(first posted 8/14/2012) Kids: Want to know how we (once) pre-teens and teens spent the way-too-much free time we had back in the electronic dark ages of a half-century or so ago? We read books. The classics, of course, like the famous J.C. Whitney Automotive Accessory and Parts Book (J.C. deliberately called it a book in order to let us tell our parents we were indeed reading a “book”– as though they really cared then, before the invention of helicopter parents). Now, one simply didn’t read a JC W book cover-to-cover or randomly, without some higher purpose; no, we exercised our developing minds by using this book in a very specific manner, kind of like an app.
Before even opening it, you had to pick a certain make, year and model of car that, for some inexplicable reason, was of intense interest to you– and no,not a new one; that didn’t really work. You’d pretend that at the age of 12, you somehow had the requisite amounts of money and legitimacy to buy a used car. We were modest back then; after all, this was long before Lamborghini Countach posters became the wallpaper of choice in the ’80s.
For instance: Around 1965, one of my favorite subjects for this exercise was a 1961 Chevrolet Impala two-door sedan with a four-barrel 283 V8 and four-speed stick. Why that particular car? Well, the 12-year-old mind is a mysterious thing, but let’s say that among its virtues was that it was highly unusual; in fact, it was the only two-door Impala sedan ever made. Whether one could have talked a Chevy dealer into ordering it with the four-speed is another question, but one not relevant to our topic.
Having the object of one’s MMing (MM = Mental Masturbation, for you latecomers) session firmly in mind, you then opened the latest edition of the “book”, and began the grueling mental task of deciding exactly what to “buy” for your recently acquired car. A custom grille, perhaps? Hmmm; the ’61 Chevy’s is pretty clean, so no thanks. Next page. Camshaft? Yes. Engine dress-up kits? Yes. Kleenex dispenser? Not just yet.
It’s important that those of you born after the JCW golden era understand the real legitimacy of calling these catalogs “books”. They were substantial, and offered virtually any and every part or accessory even the most crazed MM addict could want or imagine–everything from pipe-organ speakers, to complete engines (taken from Chicago’s many wrecking yards, I assume) that opened up all sorts of possibilities for engine swapping.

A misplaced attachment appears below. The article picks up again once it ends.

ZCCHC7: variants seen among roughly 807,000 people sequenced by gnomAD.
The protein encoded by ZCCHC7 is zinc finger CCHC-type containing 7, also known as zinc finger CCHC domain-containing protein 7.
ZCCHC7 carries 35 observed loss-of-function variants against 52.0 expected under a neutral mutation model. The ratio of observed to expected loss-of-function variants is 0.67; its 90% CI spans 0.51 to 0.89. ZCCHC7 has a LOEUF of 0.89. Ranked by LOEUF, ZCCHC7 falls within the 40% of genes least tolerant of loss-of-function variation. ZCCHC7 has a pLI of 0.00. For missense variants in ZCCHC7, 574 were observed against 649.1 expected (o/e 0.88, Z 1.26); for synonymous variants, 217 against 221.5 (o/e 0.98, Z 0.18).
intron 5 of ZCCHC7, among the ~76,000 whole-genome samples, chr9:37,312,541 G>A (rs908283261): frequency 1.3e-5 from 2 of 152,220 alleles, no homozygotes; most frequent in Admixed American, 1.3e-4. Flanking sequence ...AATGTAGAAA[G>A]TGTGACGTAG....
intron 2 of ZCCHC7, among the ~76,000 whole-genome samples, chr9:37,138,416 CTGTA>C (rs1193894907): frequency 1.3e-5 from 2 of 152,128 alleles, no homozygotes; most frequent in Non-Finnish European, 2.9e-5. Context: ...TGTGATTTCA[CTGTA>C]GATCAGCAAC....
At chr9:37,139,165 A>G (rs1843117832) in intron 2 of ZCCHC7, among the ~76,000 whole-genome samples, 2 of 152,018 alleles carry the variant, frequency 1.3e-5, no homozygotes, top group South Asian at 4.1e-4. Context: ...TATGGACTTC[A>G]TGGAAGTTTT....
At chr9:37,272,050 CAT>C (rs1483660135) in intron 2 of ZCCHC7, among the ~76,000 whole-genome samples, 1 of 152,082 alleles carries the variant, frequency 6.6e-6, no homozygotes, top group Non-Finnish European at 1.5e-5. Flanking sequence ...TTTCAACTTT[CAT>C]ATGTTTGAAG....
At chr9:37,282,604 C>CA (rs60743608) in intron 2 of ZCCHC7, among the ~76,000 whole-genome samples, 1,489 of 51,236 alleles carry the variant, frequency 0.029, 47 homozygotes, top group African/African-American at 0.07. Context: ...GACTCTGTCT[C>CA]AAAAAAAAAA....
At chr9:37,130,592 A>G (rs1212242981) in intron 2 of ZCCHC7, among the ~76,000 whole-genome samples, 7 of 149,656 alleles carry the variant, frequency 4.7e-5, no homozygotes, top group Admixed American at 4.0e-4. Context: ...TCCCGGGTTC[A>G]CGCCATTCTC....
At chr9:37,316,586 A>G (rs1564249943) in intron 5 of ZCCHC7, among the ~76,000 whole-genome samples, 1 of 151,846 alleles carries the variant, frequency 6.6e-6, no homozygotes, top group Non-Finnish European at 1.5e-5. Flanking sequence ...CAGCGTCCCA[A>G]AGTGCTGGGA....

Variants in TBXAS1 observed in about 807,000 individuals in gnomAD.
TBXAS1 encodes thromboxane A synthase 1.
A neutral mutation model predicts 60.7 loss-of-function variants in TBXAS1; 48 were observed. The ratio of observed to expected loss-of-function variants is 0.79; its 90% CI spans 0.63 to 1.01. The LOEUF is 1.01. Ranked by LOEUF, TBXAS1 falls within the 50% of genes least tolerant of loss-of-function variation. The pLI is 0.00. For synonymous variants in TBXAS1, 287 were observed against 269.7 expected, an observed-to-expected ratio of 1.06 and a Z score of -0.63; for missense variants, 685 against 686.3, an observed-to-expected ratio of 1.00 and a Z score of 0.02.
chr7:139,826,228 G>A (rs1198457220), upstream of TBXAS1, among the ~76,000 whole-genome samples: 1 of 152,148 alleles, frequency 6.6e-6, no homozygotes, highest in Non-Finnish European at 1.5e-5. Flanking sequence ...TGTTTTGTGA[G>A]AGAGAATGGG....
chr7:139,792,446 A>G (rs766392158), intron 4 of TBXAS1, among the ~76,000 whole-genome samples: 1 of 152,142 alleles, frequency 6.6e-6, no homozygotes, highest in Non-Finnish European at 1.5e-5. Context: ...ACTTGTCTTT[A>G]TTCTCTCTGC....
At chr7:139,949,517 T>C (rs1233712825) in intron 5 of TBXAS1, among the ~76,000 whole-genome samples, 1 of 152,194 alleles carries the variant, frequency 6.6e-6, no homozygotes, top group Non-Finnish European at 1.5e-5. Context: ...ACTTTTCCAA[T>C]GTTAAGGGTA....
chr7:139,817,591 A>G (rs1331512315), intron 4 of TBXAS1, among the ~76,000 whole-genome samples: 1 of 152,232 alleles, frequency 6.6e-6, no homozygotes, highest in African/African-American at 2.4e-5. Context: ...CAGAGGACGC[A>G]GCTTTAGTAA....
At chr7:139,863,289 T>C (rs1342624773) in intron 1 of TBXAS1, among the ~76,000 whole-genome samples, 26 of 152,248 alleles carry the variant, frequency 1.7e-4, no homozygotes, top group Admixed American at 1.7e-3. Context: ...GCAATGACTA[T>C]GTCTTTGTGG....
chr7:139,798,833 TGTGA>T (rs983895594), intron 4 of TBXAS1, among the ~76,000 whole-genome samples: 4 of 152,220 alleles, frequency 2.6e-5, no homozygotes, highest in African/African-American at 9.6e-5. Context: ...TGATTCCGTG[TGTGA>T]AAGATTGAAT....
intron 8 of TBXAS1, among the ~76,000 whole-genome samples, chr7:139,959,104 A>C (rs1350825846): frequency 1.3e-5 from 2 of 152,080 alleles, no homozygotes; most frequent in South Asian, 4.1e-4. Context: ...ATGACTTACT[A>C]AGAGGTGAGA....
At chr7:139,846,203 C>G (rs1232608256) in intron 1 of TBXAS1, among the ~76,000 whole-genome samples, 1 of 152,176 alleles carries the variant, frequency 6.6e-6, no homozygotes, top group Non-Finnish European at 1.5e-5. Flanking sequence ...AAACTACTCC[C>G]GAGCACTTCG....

How about a 392 Hemi in a Jeep CJ2? Why not? More than likely, JC even had the adapter kit so that the MM session rules need not be violated. Obviously, I was raised Catholic.
Anything and everything one could dream of that even vaguely related to use in, with, or on an automobile was in the pages of this holy book. Yes, an Emergency Oxygen Unit! (upper left on right page). My 1956 DeSoto definitely needs that. An Auto Shaver (upper left on left page)? Well, of course! I can practically feel my beard growing at the very sight of it. It’ll look fine on the dash of my 1961 Falcon Futura, and really impress the girls.
Or how about placing Winky the Safety Cat on the rear parcel shelf of a 1953 Starlight Coupe? And don’t forget replacement bulbs…they might be hard to come by locally. Then again, maybe too girly? Pass.
JC Whitney books would just appear mysteriously; I really don’t recall from where. Sometimes I’d stumble into an older one, perhaps left behind by the former owners of our house. Let’s see….shall we do a 1949 Olds 88 fastback coupe with ratty upholstery? Supreme Woven Saran Plastic or Supreme Melostrength Fibre?
After starting a south Chicago scrap yard in 1915, Lithuanian immigrant Israel Warshowsky soon began buying parts inventories from failed auto makers. In 1934, his university-educated son, Roy, joined the firm with expansion in mind, and placed an ad in Popular Mechanics offering a “huge parts catalog” for 25 cents,with the name JC Whitney on the cover. The rest is history.
And Roy was quick to embrace the changing taste of car buyers, and set aside a whole section to VW and other popular import brands. I remember the Renault Dauphine section vividly, and even had an MM session with one, maybe even more than once, perhaps.
But the VW section quickly became one of my favorites, and I would endlessly agonize over exactly which size Big Bore Cylinder kit to buy for my 1964 VW 1200…whoa! Fantasy meets reality! In 1973, I really did have a ’64 VW, and now the JCW book took on new meaning. But not necessarily in the best way. Now I actually had to send in money, and the stuff that came back had a decidedly cheap feel to it. Kinda ruined the whole MMing experience.
JC was a pioneer in finding cheap sources for their parts, like Brazil and Mexico and such (Update: Japan too, back when “Made In Japan” had a very different connotation), or just junky US made stuff; they were ahead of their time. I bought some tune-up parts and such, and a black vinyl cover for the spare tire that had lots of pockets in it for holding tools and the Emergency Oxygen Kit and such. I loved that, and made sure it moved on to my other VWs; channeling my inner Kraut. But pretty soon, JC Whitney went the way of so many other childhood fantasies that were so rudely popped.
But now that I’m old and losing my grip on reality; we’ll let’s just say it’s probably fortunate that I’m limited in what I can show you to the few random scans out there on the interwebs (thank you all), but it’s just as well, because if I actually had a 1965 JC Whitney book, I wouldn’t be writing about it; I’d be having a hell of an MM session right now. Let’s see…a 1962 Dodge Lancer hardtop coupe…